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Re: Briefing cases a waste of time?

Postby SwollenMonkey » Sun Aug 22, 2010 10:25 am

cgs230 wrote:That was more or less my assumption when I started, but one of my teachers told me she was SPECIFICALLY going to be testing us on our cases, and that hypos done on the final would be similar to cases we read about and briefed, and she expected us to cite.

That pretty much throws out all of the advice I've been reading (various posts, pls, not to mention this humble person: http://www.top-law-schools.com/success- ... chool.html).


The humble person presented a perspective. Whether it applies to you or you can utilize it, is of course a different story. While there may be similarities in the posts you you may have read, everyone will have a different experience when it comes down to briefing. Follow what your professor says at all times, and let what you read here on TLS be a perspective. :D

rynabrius
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Re: Briefing cases a waste of time?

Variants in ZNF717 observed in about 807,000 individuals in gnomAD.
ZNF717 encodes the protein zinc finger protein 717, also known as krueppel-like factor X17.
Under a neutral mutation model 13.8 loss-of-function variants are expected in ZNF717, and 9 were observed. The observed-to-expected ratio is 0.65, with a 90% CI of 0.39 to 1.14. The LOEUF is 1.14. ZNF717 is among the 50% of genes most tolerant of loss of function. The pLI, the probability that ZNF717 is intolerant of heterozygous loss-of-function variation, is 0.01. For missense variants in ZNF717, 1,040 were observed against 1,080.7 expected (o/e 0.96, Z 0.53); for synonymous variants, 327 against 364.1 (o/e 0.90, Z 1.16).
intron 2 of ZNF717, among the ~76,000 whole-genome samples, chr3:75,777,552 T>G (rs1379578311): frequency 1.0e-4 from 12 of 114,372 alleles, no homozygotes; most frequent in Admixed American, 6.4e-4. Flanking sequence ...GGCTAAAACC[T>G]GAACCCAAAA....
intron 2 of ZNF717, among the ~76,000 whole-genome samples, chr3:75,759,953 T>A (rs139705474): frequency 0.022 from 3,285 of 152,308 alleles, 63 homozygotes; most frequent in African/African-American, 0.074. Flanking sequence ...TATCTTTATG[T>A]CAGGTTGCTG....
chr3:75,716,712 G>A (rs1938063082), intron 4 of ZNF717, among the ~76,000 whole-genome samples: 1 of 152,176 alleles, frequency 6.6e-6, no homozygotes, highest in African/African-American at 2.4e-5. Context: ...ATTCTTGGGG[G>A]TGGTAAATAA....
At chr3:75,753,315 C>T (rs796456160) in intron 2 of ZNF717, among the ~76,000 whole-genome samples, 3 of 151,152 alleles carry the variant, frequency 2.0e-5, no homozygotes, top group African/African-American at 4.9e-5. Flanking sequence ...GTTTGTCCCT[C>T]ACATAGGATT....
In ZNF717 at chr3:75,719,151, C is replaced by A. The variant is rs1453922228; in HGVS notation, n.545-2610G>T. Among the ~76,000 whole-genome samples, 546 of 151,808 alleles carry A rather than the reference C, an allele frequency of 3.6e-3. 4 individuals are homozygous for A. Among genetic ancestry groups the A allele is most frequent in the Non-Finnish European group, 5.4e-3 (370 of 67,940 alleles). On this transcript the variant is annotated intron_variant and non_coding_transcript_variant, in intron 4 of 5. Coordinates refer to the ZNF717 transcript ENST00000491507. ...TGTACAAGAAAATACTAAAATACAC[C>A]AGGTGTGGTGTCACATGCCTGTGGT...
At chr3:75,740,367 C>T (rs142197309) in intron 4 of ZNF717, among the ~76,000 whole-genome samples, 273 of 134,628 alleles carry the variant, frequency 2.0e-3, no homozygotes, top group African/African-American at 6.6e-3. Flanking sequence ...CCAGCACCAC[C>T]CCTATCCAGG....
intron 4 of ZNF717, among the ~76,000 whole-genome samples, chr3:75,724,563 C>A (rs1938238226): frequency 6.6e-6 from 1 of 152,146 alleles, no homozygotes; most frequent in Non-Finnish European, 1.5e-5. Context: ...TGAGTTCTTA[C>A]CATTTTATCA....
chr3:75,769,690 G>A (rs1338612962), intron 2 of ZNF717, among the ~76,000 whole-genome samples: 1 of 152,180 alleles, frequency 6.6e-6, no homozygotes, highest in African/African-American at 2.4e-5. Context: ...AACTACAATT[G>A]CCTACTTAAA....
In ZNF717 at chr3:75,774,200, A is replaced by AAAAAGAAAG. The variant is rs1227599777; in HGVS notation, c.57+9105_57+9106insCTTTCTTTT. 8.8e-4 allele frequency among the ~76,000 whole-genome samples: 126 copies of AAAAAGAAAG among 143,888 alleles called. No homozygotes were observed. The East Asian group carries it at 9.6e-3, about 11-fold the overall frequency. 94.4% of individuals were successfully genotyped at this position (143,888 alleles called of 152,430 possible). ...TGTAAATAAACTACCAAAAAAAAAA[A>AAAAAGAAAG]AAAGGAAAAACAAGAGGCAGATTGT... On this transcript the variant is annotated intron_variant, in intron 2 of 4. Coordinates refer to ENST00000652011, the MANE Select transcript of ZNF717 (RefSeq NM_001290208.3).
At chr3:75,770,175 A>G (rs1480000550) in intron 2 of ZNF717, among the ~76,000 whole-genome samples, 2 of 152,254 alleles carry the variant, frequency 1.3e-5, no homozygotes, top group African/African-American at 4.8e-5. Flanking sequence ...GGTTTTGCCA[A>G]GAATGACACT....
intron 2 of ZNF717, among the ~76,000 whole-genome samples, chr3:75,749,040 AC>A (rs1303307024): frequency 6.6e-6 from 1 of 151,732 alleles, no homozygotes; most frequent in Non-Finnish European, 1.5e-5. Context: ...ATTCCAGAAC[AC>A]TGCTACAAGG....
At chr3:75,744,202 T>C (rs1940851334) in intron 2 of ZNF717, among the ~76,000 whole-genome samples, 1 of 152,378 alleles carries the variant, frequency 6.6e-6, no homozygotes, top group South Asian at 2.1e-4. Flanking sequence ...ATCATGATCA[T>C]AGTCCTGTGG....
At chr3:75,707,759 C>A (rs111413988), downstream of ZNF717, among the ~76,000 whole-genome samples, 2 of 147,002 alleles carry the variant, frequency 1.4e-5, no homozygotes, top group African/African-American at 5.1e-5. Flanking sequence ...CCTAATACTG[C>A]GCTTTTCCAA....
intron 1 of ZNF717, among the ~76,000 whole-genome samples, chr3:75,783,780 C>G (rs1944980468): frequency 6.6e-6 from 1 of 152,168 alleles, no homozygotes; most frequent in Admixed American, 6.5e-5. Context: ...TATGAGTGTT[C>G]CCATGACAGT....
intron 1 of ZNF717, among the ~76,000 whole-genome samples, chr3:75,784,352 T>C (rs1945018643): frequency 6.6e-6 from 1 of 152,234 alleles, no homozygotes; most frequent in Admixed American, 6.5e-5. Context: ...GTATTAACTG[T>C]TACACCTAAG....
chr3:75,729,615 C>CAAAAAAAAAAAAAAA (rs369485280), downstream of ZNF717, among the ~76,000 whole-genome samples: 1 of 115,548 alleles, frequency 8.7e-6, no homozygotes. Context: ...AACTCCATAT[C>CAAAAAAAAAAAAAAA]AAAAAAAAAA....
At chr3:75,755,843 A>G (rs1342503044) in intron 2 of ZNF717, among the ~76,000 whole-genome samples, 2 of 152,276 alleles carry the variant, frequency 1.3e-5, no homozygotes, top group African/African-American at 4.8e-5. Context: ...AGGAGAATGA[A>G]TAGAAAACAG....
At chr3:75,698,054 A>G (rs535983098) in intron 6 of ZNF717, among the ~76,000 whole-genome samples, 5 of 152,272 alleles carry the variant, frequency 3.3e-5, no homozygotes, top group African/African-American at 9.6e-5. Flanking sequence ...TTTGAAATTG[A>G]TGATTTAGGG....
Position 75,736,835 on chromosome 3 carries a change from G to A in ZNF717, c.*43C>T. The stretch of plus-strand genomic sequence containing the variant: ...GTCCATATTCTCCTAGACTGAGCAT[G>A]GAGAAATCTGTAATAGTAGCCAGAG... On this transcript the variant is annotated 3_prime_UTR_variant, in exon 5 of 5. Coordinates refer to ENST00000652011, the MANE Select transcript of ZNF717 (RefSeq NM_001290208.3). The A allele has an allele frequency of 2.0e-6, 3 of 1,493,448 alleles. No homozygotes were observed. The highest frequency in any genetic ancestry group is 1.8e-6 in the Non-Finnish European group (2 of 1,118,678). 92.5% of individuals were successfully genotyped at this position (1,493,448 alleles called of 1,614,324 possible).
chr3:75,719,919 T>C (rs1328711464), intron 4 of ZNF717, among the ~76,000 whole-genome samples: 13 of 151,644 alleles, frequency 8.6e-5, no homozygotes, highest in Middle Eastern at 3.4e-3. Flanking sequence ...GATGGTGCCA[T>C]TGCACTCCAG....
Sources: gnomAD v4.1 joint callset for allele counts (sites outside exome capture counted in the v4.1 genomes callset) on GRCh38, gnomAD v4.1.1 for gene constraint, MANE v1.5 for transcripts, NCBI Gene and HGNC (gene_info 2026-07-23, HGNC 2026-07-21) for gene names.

Postby rynabrius » Sun Aug 22, 2010 11:52 am

I was lazy about briefing second semester. I would book brief, throw up a template, and fill out my brief in class. (Well, if we were going to do a bunch of cases, I'd do one 'seed case' to start things off.) I would not have been able to do this, though, had I not been fanatic about briefing first semester.

All law school advice must, of course, be tailored to the individual student, and the individual class they are taking. For code-based classes, it's generally more important to be familiar with the code and what it means than the cases; for common law classes, briefs and cases are more important.